ICCPR Case Digest




Submission: 2015.05.19

View Adopted: 2021.03.18

Andrey Tsukanov v. Kazakhstan

Journalist subjected to unfair trial and sentenced to administrative detention for reporting on a peaceful protest- violation found

Substantive Issues
  • Fair trial
  • Freedom of assembly
  • Freedom of expression
Relevant Articles
  • Article 14.3 (d)
  • Article 14.3 (e)
  • Article 19
  • Article 21
Full Text


The author of the communication is Andrey Tsukanov, a national of Kazakhstan born in 1982. He notes that he was covering a peaceful protest as a journalist; however, the police did not want the video footage of the protest and the subsequent arrests to be aired on television, and for that reason, they arrested him, damaged his camera and deleted all video recordings. He claims that the State party has violated his rights under articles 14 (3) (d) and (e), 19 and 21 of the Covenant.

The author went to cover the protest on behalf of a local television channel on 7 July 2014. Soon after, several police vehicles arrived at the scene and police officers started detaining participants and taking their identification documents. While covering the protests, he was approached by several police officers who demanded that he show his ID and delete the video recording. As the author refused, the officers took away his camera, damaging it in the process, twisted his arms behind his back and escorted him, along with several protesters, to a police station. He was later charged with an administrative offence under Code of Administrative Offences, and on 11 July 2014, the Specialized Inter-District Administrative Court of Almaty found the author guilty of refusal to obey lawful orders of the police and sentenced him to 15 days of administrative arrest. The author appealed the decision, which was rejected by both the court and the Office of Prosecutor. on 17 July 2014.


The Committee noted that the author failed to sufficiently substantiate the allegations of violation of his rights under article 14 (3) (d) of the Covenant. However, the Committee further stated that the author had sufficiently substantiated his remaining claims raising issues under articles 14 (3) (e), 19 and 21 of the Covenant for the purposes of admissibility, and declared the communication admissible and proceeded with its consideration of the merits.


The Committee noted that the protest in question was held spontaneously at around 10 p.m., it did not seem unreasonable for police officers to request that the author show his ID card in the context of maintaining public safety and order and for purposes of ascertaining his status as a journalist. In this respect, a request by police officers to the author to show his ID may be deemed necessary. On the other hand, the State party failed to explain why the confiscation of his camera, the deletion of video recordings and, above all, 15 days of administrative arrest of the author were necessary for the maintenance of public safety and order. The Committee considered that, in the circumstances of the case, the limitations on the author, although imposed on the basis of domestic law, were not shown to be both necessary  and proportionate pursuant to the conditions set out in article 19 (3) of the Covenant. It therefore concluded that the author’s rights under article 19 (2) of the Covenant had been violated.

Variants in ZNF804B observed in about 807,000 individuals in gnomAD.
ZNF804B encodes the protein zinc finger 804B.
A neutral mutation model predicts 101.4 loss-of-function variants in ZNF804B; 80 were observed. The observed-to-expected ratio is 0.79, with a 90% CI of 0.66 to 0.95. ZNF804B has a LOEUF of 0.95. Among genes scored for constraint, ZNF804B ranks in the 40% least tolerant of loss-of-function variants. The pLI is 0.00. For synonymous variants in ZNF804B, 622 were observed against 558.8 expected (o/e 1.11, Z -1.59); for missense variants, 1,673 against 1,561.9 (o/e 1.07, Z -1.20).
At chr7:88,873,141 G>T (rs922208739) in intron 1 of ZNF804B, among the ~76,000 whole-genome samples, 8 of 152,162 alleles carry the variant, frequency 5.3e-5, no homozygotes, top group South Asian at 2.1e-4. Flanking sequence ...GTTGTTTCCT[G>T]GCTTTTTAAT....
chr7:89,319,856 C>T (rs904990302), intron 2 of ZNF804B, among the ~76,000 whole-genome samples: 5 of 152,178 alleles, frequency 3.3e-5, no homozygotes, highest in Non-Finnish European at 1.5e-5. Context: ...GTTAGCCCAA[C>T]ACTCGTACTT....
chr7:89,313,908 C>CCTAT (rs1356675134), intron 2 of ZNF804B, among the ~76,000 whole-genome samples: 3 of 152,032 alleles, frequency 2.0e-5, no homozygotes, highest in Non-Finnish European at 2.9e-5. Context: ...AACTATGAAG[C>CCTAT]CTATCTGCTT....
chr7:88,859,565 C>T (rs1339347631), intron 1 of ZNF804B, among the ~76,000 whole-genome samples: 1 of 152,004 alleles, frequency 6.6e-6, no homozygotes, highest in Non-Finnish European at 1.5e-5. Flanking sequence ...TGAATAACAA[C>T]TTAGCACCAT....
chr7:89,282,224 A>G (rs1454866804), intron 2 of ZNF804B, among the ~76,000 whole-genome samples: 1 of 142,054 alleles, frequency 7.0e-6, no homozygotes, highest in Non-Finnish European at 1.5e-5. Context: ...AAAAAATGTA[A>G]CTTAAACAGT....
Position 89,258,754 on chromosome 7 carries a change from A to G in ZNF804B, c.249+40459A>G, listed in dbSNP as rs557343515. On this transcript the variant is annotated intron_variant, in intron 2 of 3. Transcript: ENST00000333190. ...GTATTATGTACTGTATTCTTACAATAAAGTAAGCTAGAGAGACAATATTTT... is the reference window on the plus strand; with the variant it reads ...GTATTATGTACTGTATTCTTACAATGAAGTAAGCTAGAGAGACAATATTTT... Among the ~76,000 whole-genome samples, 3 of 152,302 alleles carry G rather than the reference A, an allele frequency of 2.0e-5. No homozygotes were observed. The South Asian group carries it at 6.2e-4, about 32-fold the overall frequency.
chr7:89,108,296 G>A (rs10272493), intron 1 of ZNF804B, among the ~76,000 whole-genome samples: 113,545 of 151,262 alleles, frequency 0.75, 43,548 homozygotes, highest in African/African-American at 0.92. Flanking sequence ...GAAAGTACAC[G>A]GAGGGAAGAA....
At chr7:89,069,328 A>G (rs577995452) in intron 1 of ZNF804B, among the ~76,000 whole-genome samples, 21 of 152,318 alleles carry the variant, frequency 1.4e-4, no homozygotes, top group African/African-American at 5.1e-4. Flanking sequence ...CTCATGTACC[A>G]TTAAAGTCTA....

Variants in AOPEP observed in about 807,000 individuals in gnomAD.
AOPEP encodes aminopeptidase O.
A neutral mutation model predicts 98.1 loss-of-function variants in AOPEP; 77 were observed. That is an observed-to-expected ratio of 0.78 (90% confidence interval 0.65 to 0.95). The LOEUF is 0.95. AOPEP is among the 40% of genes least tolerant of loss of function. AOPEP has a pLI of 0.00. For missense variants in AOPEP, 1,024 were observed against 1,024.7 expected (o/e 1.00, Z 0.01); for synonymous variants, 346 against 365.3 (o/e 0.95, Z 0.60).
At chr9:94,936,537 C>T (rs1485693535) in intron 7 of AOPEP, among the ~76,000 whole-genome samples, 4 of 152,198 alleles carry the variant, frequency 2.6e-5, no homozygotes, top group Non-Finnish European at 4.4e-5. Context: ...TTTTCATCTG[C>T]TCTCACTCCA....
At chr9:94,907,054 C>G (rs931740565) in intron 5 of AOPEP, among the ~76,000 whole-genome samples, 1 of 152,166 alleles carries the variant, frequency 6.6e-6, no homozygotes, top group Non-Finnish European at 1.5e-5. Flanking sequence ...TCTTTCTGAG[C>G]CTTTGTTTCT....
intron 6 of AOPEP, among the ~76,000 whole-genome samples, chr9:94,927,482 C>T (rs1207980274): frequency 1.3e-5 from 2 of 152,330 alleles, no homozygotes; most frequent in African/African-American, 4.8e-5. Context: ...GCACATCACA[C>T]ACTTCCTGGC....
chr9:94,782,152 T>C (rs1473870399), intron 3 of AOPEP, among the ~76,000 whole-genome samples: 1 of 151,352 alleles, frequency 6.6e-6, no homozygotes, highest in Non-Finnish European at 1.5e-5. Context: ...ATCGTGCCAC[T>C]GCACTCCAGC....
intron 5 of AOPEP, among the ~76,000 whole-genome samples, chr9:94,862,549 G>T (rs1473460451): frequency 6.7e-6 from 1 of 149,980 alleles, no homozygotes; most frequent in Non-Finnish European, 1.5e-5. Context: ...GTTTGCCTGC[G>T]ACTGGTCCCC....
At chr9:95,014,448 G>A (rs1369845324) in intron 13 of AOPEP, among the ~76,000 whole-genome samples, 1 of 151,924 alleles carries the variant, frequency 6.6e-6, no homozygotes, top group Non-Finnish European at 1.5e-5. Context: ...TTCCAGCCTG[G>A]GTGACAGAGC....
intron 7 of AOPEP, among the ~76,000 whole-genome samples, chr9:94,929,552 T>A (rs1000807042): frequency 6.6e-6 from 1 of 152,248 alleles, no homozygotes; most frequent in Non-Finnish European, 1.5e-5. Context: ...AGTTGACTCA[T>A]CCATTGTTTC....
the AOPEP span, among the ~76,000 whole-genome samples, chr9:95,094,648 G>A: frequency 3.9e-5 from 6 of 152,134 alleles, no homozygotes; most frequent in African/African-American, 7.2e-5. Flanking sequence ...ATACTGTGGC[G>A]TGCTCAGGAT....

The Committee also noted that in the present case, the State party had not provided the Committee with any information to support the claim that the author’s actions created a risk to the life or safety of persons or to property, except to submit that he was obstructing passing traffic. The Committee found that the State party did not meet the onus to justify the restrictions on the author’s rights under article 21, and it concluded that the author’s rights under article 21 of the Covenant had been violated. Lastly, the Committee found that the author’s rights under article 14 (3) (e) of the Covenant had been violated, as he was unable to call any witnesses in his defence, contrary to article 14 (3) (e) of the Covenant.


The State party is obligated, inter alia, to:

  • provide the author with adequate compensation. 

The State party is also under an obligation to take all steps necessary to prevent similar violations from occurring in the future, in particular by reviewing its national legislation and the implementation thereof in order to make it compatible with its obligations to adopt measures able to give effect to the rights recognized by articles 19 and 21 of the Covenant.

Separate Opinions

Individual Dissenting Opinion (Committee member Gentian Zyberi): The Committee member opined that the author had failed to demonstrate that the alleged “bias” or “lack of equality of arms” reached the threshold for arbitrariness in the evaluation of the evidence, or amounted to a denial of justice. He stated that the Committee should have found the claim under article 14 (3) (e) as not sufficiently substantiated, or alternatively that there was no violation of article 14 (3) (e).


Deadline: 14th September 2021


By Sugandha Sawhney

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